Financial Moves to Make While Your Federal Student Loans Are Paused

Many Americans’ incomes have been negatively affected due to Covid-19 and the economy shutting down in most states. As a result, Congress passed a $2 trillion student loan stimulus bill that is pausing all federal student loans through September 2020.

During this time, no interest accrues on federal student loans and the months will count toward forgiveness. If your income has been cut during this time, this may be a temporary relief.

If you’re one of the lucky ones and still have a steady income right now, you may be wondering what to do now that your federal student loans are technically paused.

Regardless of your current situation, here are some key financial moves to make while your federal student loans are paused.

Start Beefing Up Your Savings

It’s always a good time to save, but after watching this year unfold so far I’d say we all should put a higher priority on building up more emergency savings. Experts recommend you have at least 3-6 months of expenses saved up. If you have a fluctuating income or a one-income household, I’d encourage you to save even more.

The global pandemic we’re in has changed so many things and I’m sure things will continue to change throughout the remainder of 2020. Cash is still king and it’s important to make sure you have enough of a cash cushion stashed away.

I’m not sure that federal student loan payments will ever be paused again so use this opportunity to your advantage and beef up your savings.

Get Ahead on a Bill

If you’re lucky enough to still have a steady and reliable income at this time, consider using the money that would have gone toward your student loans to get ahead on some bills. I’ll be honest, when everything started taking off in March and states were getting locked down, I never truly trusted the idea that people would receive rent/mortgage and bill assistance.

To my surprise, some assistance and relief efforts were made. Still, I don’t fully trust it when I see people posting stories on social media about a second stimulus check coming. There’s really no telling what will be decided in the future and I never like to get my hopes up and put faith in other people too much.

However, one thing you can do right now if you’re not paying on your student loans is create your own bill relief stash. This can be funds that you set aside outside of your emergency fund. It doesn’t hurt to get ahead on some important bills that you need to live comfortably.

Consider the most important expenses like your electric or gas bill, your grocery budget, and gas so you can get to work. If you have a budget you already know how much these things costs. Start by getting these bill payments up-to-date and challenge yourself to see if you can get a month or two ahead just for added security.

Federal student loan relief options have always been nice, but the recent student loan stimulus bill can help a lot of people right now. Click To Tweet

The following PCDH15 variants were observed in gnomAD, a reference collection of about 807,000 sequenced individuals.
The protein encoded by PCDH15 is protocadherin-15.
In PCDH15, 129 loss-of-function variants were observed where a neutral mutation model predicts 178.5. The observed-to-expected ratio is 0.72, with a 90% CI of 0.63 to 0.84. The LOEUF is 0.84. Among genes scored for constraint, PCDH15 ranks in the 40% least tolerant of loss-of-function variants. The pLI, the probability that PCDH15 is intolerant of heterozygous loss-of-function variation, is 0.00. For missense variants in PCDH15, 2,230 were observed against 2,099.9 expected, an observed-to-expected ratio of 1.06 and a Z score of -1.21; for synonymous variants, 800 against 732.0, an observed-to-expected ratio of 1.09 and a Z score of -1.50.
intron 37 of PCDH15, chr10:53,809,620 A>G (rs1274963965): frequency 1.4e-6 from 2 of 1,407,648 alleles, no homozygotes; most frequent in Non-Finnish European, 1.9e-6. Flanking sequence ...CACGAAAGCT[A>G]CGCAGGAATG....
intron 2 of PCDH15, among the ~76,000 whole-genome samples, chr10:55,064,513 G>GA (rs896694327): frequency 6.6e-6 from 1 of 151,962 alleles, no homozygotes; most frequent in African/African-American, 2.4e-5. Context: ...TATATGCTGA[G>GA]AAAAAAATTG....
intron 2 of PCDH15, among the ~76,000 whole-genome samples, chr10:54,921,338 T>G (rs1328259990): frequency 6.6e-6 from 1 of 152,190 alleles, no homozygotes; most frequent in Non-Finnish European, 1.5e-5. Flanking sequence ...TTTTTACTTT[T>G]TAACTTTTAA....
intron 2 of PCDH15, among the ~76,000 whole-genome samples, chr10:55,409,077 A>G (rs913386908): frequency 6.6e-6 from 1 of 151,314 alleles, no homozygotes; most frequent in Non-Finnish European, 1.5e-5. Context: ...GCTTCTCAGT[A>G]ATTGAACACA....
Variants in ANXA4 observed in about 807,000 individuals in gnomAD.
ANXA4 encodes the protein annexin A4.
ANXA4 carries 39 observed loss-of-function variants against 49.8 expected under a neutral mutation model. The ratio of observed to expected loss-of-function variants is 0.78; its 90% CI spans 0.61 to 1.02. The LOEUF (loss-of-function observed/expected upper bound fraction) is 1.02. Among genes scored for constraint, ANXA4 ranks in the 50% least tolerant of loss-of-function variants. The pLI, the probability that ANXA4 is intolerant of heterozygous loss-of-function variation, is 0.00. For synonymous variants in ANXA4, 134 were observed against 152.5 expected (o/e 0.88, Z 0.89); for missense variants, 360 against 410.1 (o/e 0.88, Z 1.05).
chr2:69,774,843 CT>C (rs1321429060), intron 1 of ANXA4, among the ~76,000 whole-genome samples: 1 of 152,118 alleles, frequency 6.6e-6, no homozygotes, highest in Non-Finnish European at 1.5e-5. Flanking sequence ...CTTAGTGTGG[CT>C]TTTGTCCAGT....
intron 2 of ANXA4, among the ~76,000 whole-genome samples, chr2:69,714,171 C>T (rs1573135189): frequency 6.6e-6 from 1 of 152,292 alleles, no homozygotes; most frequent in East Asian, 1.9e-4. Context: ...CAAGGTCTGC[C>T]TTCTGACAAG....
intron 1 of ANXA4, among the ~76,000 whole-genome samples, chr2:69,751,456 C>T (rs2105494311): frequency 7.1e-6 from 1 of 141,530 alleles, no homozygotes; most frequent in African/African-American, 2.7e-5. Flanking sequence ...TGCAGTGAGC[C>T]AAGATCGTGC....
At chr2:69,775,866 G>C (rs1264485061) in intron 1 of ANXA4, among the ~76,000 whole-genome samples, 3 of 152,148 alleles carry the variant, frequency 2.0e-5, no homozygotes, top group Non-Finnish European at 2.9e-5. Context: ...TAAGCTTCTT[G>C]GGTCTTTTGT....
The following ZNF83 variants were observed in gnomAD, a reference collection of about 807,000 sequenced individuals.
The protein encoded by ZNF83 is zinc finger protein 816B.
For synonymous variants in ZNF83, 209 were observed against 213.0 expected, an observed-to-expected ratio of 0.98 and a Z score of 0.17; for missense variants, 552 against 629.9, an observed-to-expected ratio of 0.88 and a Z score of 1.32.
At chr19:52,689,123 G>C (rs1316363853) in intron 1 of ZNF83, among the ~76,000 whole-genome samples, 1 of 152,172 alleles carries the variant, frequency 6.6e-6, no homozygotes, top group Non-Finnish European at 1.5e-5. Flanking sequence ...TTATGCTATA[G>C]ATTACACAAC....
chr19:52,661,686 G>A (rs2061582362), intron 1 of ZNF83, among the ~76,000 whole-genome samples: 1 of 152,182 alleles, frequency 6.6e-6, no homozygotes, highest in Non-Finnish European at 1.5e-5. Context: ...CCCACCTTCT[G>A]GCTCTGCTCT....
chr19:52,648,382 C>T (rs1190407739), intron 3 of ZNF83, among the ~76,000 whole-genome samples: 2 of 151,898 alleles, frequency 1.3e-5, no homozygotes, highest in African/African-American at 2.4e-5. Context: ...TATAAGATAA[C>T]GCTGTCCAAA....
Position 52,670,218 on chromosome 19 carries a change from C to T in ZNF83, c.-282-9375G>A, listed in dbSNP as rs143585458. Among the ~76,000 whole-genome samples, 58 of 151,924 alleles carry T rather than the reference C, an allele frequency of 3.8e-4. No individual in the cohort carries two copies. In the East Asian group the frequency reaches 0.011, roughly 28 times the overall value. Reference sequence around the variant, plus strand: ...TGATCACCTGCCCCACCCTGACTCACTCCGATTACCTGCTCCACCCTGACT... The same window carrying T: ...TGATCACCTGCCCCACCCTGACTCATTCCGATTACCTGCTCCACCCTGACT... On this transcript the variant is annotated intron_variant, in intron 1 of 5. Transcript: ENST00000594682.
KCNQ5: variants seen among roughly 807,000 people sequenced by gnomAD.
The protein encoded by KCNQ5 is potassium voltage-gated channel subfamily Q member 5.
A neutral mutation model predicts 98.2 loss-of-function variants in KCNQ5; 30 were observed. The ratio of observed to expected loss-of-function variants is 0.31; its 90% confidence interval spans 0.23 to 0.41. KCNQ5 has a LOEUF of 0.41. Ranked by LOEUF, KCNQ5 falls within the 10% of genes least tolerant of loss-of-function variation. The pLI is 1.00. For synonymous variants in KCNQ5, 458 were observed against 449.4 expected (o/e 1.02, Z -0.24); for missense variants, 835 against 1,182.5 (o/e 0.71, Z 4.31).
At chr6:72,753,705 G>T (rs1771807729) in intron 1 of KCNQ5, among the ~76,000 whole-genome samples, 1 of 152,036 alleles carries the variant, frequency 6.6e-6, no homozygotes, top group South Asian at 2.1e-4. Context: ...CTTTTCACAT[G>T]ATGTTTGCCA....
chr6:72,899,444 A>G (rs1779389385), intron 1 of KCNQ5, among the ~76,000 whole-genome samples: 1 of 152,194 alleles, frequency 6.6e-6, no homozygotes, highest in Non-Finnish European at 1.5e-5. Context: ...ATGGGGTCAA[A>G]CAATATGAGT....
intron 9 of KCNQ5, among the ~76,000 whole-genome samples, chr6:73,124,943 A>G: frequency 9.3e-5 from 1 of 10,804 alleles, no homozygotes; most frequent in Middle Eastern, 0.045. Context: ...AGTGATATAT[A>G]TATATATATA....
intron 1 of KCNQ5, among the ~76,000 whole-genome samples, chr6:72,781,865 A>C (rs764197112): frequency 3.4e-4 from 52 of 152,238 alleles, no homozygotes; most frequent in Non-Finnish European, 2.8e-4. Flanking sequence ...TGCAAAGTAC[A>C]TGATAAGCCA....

Pay on High-Interest Debt

If you’ve done the two things mentioned above already and have a comfortable amount saved, start looking at your high-interest debt. For the time being, your federal student loans are interest-free. Other types of debt like credit card debt, high-interest personal loans and car loans can become a financial burden if you don’t get them under control.

Consider putting some extra money on your debt to free up more money in your budget in the future. Paying off my high-interest consumer debt is one of the best decisions I could have made because I was able to release more of my cash flow.

Hopefully there are no more pandemics in the near future, but I do feel grateful that we didn’t have a ton of debt to juggle on top of what’s going on in the economy right now. Paying off debt – especially high-interest debt – sets you up for more financial success and stability even though we don’t know what the future holds.

Continue Making Student Loan Payments…With Caution

This option would be more of a final resort and something to consider only if you’ve taken all the steps mentioned above. I understand that some people may want to continue making payments on their student loans since more money will go toward interest.

Maybe you set a goal to pay off your loans by a certain date and want to use this as an opportunity to catch up and get ahead.

However, it’s important to make sure you have your basic needs met and adequate savings first. A lot of people are in survival mode right now and I totally get it. It’s important to be able to cover your basic needs at this time and if you can afford to do extra that’s great. However, if you can’t you shouldn’t feel bad.

Also, if you’re planning on student loan forgiveness, you probably shouldn’t consider paying your loans during this time anyway since it would be a waste of money.


Federal student loan relief options have always been nice, but the recent student loan stimulus bill can help a lot of people right now. There are many other financial moves you can make right now while you’re not required to pay on your federal student loans. Assess your current situation and financial needs to ensure you’re making the best decision for you and your family right now.